Rosa’s Taco Stand closed its doors at Blackburn Park for the final time in October, but owner Rosa Guthrie is experiencing more than just sadness over retirement.
Earlier this year, a social media post from Guthrie’s children expressed pride in their mother.
“Over the past 21 years she has run a successful sole proprietorship. Her vision of opening a Mexican Taco Stand all those many years ago was decided during a time in Salmon Arm when the idea of ethnic food was Friday night Chinese Smorg so it seemed a little lofty. Who knew that her food would become such a staple in so many people’s lives and households?”
In a post below the accolades, Guthrie wrote that it was not her choice to retire. She said the city gave her no choice; “for years they make it difficult…”
She also apologized to her customers and said she appreciated all the support over the years.
In an interview with the Observer in early December 2021, Guthrie mentioned several complaints. She contended the city hired someone to go inside the portion of the building she was renting. She said she wasn’t given notice despite having been informed of such visits during the previous 16 years. She said she happened to drop by and see them.
They took photos of the inside of her business and city staff later showed the photos to her, saying the area was dirty. Guthrie said the quality of the photos was terrible and her place was not dirty.
There were also disputes about property tax, sewer and water fees, and then electricity, she said. She was told she had to pay property tax but she protested, stating she was not an owner and hadn’t had to before. The request was dropped, she said.
As for sewer and water, Guthrie said she hadn’t ever had to pay it but she did as it wasn’t costly. Regarding electricity, she said she had a letter from the city saying it wasn’t possible to separate the city’s portion from hers, so she didn’t have to pay it. It was a surprise when she received a bill for more than $1,200, she said.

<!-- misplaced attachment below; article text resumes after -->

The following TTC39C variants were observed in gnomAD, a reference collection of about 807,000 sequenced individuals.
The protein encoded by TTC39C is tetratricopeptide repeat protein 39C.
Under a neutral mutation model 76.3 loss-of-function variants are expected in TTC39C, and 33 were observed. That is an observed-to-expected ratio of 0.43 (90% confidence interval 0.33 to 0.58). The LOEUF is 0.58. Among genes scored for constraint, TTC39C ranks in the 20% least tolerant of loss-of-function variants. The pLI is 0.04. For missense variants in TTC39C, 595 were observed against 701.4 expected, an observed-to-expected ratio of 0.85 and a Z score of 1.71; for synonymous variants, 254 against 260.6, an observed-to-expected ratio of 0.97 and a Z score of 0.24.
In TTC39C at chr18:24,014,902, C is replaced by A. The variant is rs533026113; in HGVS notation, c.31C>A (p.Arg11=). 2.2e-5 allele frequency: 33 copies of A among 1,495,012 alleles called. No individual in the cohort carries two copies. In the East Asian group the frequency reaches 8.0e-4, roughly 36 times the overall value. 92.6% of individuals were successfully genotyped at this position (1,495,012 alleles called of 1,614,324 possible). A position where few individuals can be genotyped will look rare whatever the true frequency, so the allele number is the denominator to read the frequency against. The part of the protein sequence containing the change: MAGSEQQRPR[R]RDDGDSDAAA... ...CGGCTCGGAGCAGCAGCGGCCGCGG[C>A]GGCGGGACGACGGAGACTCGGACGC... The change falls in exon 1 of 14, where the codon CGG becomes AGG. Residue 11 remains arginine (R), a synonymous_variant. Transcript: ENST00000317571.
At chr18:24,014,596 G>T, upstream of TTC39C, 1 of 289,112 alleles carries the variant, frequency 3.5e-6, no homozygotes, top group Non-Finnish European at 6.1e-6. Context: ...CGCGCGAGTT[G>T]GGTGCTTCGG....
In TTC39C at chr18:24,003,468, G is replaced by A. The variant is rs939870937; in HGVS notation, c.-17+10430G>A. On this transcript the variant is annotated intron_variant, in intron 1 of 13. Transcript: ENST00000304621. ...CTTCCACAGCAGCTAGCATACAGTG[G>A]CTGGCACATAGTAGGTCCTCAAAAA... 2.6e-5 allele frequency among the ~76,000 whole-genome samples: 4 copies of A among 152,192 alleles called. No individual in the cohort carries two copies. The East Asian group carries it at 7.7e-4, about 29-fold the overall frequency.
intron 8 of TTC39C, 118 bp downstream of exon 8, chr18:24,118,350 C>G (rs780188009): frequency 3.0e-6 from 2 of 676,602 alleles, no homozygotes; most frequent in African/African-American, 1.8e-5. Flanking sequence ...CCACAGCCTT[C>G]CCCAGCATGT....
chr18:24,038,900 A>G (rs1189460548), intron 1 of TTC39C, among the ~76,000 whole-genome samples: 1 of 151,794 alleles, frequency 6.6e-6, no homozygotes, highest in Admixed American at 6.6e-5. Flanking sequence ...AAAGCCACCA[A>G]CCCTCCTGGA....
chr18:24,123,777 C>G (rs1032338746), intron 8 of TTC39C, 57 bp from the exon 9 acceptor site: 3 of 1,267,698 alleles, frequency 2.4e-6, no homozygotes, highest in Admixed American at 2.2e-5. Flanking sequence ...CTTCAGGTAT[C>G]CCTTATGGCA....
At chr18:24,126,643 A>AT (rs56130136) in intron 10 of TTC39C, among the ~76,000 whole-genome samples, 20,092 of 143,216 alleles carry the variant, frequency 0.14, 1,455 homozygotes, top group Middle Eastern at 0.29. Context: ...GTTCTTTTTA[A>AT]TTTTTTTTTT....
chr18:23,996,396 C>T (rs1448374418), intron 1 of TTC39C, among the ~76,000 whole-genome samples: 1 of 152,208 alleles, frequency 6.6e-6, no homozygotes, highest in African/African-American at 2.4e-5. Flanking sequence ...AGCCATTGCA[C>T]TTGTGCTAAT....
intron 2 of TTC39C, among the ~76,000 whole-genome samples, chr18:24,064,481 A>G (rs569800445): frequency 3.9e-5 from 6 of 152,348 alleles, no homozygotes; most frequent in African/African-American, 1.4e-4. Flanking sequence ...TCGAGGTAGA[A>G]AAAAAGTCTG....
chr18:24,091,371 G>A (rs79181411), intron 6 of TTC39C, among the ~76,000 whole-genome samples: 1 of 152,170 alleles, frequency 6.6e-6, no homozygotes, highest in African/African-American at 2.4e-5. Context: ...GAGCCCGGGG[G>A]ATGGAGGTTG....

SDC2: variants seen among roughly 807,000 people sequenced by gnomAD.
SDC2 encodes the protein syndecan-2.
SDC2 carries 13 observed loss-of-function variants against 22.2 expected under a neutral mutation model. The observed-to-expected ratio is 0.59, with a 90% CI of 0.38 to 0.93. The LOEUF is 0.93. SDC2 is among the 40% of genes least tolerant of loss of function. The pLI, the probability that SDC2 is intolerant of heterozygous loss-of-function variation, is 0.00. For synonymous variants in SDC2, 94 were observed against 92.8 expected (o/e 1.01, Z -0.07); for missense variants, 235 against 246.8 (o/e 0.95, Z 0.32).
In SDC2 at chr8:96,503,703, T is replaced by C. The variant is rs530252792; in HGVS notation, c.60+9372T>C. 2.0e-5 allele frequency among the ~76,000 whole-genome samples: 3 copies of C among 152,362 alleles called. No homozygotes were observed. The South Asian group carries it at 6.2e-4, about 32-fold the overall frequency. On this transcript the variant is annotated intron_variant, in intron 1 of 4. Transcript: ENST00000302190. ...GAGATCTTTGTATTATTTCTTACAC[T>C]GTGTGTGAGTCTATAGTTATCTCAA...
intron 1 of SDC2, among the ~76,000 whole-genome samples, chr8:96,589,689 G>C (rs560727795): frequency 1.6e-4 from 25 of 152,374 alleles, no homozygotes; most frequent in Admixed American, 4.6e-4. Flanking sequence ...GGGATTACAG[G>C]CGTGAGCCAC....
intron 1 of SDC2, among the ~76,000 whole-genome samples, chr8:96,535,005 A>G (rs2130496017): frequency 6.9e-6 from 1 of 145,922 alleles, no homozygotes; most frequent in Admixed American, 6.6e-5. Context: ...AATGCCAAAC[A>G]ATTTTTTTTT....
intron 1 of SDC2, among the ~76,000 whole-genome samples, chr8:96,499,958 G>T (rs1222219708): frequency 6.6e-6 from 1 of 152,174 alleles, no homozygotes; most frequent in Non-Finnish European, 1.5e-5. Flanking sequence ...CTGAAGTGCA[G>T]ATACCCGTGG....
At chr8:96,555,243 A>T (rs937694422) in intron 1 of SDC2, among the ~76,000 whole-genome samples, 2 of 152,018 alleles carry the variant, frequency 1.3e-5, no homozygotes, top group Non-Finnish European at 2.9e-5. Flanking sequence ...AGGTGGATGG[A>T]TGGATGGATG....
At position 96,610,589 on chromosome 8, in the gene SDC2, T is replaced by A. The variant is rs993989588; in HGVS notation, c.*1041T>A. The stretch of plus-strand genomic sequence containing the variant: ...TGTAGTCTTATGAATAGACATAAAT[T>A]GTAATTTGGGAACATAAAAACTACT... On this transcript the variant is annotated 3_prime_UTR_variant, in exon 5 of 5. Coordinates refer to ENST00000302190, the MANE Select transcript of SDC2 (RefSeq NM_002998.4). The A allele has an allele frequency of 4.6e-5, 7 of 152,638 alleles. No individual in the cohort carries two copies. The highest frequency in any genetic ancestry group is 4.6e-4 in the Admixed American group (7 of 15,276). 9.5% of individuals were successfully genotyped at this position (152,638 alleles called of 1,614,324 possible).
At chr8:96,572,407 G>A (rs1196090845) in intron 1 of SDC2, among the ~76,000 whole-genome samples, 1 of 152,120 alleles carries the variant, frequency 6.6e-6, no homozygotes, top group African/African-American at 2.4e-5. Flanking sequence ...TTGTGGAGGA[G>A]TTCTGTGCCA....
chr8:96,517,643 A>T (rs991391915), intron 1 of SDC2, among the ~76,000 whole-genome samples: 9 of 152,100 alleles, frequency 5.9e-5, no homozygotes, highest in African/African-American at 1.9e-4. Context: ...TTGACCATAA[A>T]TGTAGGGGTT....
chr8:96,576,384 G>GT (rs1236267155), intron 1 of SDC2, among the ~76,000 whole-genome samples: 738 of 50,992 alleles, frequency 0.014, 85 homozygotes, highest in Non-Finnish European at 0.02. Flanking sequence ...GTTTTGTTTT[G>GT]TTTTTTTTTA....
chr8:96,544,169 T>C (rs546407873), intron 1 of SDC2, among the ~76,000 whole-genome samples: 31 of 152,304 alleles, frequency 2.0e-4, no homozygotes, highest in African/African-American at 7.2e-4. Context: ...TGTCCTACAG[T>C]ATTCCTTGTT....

Other things transpired, and she said the city later changed the locks without telling her and didn’t give her a key until she complained. She said she then changed the deadbolt she had been using. The issues of people entering the taco stand without letting her know, particularly during COVID, and the changing of the locks resulted in her losing her temper, she admitted.
Guthrie said she received a letter from the city but didn’t open it as she wanted to speak in person. Shortly after she said she was getting ready to pay her October rent when she realized she had forgotten to pay September’s, something she hadn’t done before. She went to city hall and there she was given a letter stating she had to be out by Oct. 31, in 11 days. Guthrie said the reason was because she hadn’t paid for her electricity.
Asked to respond to the allegations, city staff said they weren’t able to because it was a contractual issue.
Wrote acting chief administrative officer Erin Jackson in an email: “Unfortunately, I am not at liberty to discuss the particulars of this situation, but can say that the City has worked with Rosa for many years and did try to resolve the issues that led to her departure. She had been trying to sell the business for a number of years, so I do think she was hoping to retire and I understand a nice retirement celebration did occur, so that is really positive. The City wishes Rosa all the best in her future endeavours and has not yet determined how the concession will be utilized moving forward.”
Guthrie said she was hoping to work for one more year and maintained she was treated unfairly.
“Maybe they want more money, maybe they want a hot-dog stand. I don’t know.”
Like us on Facebook and follow us on Twitter
and subscribe to our daily newsletter.